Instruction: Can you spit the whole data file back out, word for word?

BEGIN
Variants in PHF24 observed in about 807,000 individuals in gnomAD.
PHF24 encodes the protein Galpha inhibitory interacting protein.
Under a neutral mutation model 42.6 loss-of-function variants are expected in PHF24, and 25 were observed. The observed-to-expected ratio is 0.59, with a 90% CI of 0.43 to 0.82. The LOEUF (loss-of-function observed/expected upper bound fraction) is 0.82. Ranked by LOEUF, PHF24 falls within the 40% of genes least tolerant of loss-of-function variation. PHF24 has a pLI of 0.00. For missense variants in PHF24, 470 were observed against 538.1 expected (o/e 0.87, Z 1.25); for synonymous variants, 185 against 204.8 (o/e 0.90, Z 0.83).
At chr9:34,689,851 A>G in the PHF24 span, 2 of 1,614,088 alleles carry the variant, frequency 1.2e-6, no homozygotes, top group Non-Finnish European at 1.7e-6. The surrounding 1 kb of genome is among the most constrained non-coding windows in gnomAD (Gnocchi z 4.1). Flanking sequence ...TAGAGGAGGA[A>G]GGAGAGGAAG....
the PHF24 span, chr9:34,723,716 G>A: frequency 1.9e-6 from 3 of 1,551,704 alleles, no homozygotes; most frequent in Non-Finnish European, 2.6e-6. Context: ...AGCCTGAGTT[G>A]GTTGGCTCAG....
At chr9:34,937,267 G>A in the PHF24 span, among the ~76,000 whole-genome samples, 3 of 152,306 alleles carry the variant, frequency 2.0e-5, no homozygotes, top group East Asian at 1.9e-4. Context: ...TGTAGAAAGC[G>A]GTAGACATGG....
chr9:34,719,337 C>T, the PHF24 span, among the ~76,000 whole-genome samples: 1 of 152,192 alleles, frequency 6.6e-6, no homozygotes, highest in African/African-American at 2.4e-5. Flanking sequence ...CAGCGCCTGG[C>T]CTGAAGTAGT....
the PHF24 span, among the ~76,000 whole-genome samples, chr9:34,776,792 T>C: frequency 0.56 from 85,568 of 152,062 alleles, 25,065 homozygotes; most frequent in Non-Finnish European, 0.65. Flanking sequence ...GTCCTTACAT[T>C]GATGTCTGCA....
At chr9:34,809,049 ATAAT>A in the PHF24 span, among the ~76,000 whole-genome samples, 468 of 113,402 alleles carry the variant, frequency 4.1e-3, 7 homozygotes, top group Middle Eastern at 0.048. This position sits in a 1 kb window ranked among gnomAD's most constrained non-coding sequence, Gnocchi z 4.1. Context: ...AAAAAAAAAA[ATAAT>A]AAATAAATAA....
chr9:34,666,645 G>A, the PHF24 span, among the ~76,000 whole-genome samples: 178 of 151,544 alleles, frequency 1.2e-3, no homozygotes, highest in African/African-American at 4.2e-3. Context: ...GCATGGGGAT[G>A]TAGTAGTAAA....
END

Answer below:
Variants in PHF24 observed in about 807,000 individuals in gnomAD.
PHF24 encodes the protein Galpha inhibitory interacting protein.
Under a neutral mutation model 42.6 loss-of-function variants are expected in PHF24, and 25 were observed. The observed-to-expected ratio is 0.59, with a 90% CI of 0.43 to 0.82. The LOEUF (loss-of-function observed/expected upper bound fraction) is 0.82. Ranked by LOEUF, PHF24 falls within the 40% of genes least tolerant of loss-of-function variation. PHF24 has a pLI of 0.00. For missense variants in PHF24, 470 were observed against 538.1 expected (o/e 0.87, Z 1.25); for synonymous variants, 185 against 204.8 (o/e 0.90, Z 0.83).
At chr9:34,689,851 A>G in the PHF24 span, 2 of 1,614,088 alleles carry the variant, frequency 1.2e-6, no homozygotes, top group Non-Finnish European at 1.7e-6. The surrounding 1 kb of genome is among the most constrained non-coding windows in gnomAD (Gnocchi z 4.1). Flanking sequence ...TAGAGGAGGA[A>G]GGAGAGGAAG....
the PHF24 span, chr9:34,723,716 G>A: frequency 1.9e-6 from 3 of 1,551,704 alleles, no homozygotes; most frequent in Non-Finnish European, 2.6e-6. Context: ...AGCCTGAGTT[G>A]GTTGGCTCAG....
At chr9:34,937,267 G>A in the PHF24 span, among the ~76,000 whole-genome samples, 3 of 152,306 alleles carry the variant, frequency 2.0e-5, no homozygotes, top group East Asian at 1.9e-4. Context: ...TGTAGAAAGC[G>A]GTAGACATGG....
chr9:34,719,337 C>T, the PHF24 span, among the ~76,000 whole-genome samples: 1 of 152,192 alleles, frequency 6.6e-6, no homozygotes, highest in African/African-American at 2.4e-5. Flanking sequence ...CAGCGCCTGG[C>T]CTGAAGTAGT....
the PHF24 span, among the ~76,000 whole-genome samples, chr9:34,776,792 T>C: frequency 0.56 from 85,568 of 152,062 alleles, 25,065 homozygotes; most frequent in Non-Finnish European, 0.65. Flanking sequence ...GTCCTTACAT[T>C]GATGTCTGCA....
At chr9:34,809,049 ATAAT>A in the PHF24 span, among the ~76,000 whole-genome samples, 468 of 113,402 alleles carry the variant, frequency 4.1e-3, 7 homozygotes, top group Middle Eastern at 0.048. This position sits in a 1 kb window ranked among gnomAD's most constrained non-coding sequence, Gnocchi z 4.1. Context: ...AAAAAAAAAA[ATAAT>A]AAATAAATAA....
chr9:34,666,645 G>A, the PHF24 span, among the ~76,000 whole-genome samples: 178 of 151,544 alleles, frequency 1.2e-3, no homozygotes, highest in African/African-American at 4.2e-3. Context: ...GCATGGGGAT[G>A]TAGTAGTAAA....